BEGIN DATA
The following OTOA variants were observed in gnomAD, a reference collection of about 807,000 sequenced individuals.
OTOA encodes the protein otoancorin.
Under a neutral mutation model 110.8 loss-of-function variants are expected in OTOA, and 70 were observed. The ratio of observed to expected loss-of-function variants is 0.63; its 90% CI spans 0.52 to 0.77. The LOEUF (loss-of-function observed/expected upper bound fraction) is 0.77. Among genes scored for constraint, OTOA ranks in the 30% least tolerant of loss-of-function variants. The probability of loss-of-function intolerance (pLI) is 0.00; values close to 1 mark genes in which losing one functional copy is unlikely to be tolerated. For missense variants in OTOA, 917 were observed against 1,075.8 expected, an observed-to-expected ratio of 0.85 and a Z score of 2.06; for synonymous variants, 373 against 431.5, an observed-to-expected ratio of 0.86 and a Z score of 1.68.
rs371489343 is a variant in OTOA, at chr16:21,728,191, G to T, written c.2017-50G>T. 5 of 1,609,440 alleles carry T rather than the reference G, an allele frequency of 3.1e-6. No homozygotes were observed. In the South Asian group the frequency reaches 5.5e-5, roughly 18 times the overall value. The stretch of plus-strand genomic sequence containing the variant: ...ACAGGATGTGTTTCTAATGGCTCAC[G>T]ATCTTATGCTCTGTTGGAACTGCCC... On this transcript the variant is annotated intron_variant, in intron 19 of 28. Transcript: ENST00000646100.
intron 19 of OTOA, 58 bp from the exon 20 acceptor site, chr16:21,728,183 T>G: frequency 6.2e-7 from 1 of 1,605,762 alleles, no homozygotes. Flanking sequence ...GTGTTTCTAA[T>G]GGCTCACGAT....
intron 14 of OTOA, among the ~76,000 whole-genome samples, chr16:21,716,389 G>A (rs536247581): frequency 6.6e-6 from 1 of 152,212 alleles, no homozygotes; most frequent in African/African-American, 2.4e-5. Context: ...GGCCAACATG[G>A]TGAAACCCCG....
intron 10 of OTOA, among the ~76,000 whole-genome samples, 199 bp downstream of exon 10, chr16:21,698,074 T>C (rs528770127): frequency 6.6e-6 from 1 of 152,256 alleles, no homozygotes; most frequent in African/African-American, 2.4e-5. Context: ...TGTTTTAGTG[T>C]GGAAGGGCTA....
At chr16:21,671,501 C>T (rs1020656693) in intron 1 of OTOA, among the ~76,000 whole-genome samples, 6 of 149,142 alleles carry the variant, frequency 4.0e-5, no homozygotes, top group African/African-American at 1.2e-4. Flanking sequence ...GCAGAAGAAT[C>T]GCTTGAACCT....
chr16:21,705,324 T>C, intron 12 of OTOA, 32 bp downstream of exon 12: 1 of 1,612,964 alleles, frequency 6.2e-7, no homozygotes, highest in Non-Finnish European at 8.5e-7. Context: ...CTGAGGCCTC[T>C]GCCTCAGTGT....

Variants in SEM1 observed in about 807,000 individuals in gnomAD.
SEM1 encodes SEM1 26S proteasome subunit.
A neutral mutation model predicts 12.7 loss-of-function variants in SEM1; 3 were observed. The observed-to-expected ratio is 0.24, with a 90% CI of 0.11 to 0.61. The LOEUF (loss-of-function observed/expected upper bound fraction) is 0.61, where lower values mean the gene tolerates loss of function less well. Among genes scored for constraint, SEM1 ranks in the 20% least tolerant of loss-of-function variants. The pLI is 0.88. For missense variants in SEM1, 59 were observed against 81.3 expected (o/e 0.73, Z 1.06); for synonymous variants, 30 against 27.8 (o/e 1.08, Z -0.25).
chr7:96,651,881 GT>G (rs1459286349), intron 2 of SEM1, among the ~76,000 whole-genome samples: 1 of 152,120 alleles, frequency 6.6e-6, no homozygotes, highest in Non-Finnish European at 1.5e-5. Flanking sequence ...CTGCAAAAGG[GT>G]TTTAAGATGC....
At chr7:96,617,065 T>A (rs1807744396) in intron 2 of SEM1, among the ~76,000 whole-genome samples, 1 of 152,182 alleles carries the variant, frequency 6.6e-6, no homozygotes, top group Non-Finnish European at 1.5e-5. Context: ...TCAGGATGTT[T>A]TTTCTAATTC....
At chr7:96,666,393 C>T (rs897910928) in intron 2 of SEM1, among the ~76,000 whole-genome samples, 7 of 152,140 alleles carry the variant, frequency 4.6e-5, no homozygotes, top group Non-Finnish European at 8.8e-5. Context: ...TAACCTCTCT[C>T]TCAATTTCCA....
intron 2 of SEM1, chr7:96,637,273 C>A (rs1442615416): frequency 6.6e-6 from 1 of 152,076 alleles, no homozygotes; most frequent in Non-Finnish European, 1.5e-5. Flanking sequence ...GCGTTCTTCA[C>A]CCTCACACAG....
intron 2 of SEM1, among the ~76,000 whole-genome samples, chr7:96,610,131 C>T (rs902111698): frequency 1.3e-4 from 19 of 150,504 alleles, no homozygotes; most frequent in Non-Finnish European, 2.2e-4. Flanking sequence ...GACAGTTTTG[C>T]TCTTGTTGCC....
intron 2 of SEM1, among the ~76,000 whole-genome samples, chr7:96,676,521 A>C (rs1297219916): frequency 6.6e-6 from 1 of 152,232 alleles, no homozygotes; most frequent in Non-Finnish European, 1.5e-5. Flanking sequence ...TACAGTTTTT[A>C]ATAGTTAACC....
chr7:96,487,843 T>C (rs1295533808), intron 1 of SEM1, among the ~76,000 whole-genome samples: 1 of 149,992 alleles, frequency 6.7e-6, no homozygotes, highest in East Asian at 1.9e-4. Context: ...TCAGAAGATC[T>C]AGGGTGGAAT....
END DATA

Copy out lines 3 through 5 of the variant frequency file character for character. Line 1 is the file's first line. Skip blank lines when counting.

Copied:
Under a neutral mutation model 110.8 loss-of-function variants are expected in OTOA, and 70 were observed. The ratio of observed to expected loss-of-function variants is 0.63; its 90% CI spans 0.52 to 0.77. The LOEUF (loss-of-function observed/expected upper bound fraction) is 0.77. Among genes scored for constraint, OTOA ranks in the 30% least tolerant of loss-of-function variants. The probability of loss-of-function intolerance (pLI) is 0.00; values close to 1 mark genes in which losing one functional copy is unlikely to be tolerated. For missense variants in OTOA, 917 were observed against 1,075.8 expected, an observed-to-expected ratio of 0.85 and a Z score of 2.06; for synonymous variants, 373 against 431.5, an observed-to-expected ratio of 0.86 and a Z score of 1.68.
rs371489343 is a variant in OTOA, at chr16:21,728,191, G to T, written c.2017-50G>T. 5 of 1,609,440 alleles carry T rather than the reference G, an allele frequency of 3.1e-6. No homozygotes were observed. In the South Asian group the frequency reaches 5.5e-5, roughly 18 times the overall value. The stretch of plus-strand genomic sequence containing the variant: ...ACAGGATGTGTTTCTAATGGCTCAC[G>T]ATCTTATGCTCTGTTGGAACTGCCC... On this transcript the variant is annotated intron_variant, in intron 19 of 28. Transcript: ENST00000646100.
intron 19 of OTOA, 58 bp from the exon 20 acceptor site, chr16:21,728,183 T>G: frequency 6.2e-7 from 1 of 1,605,762 alleles, no homozygotes. Flanking sequence ...GTGTTTCTAA[T>G]GGCTCACGAT....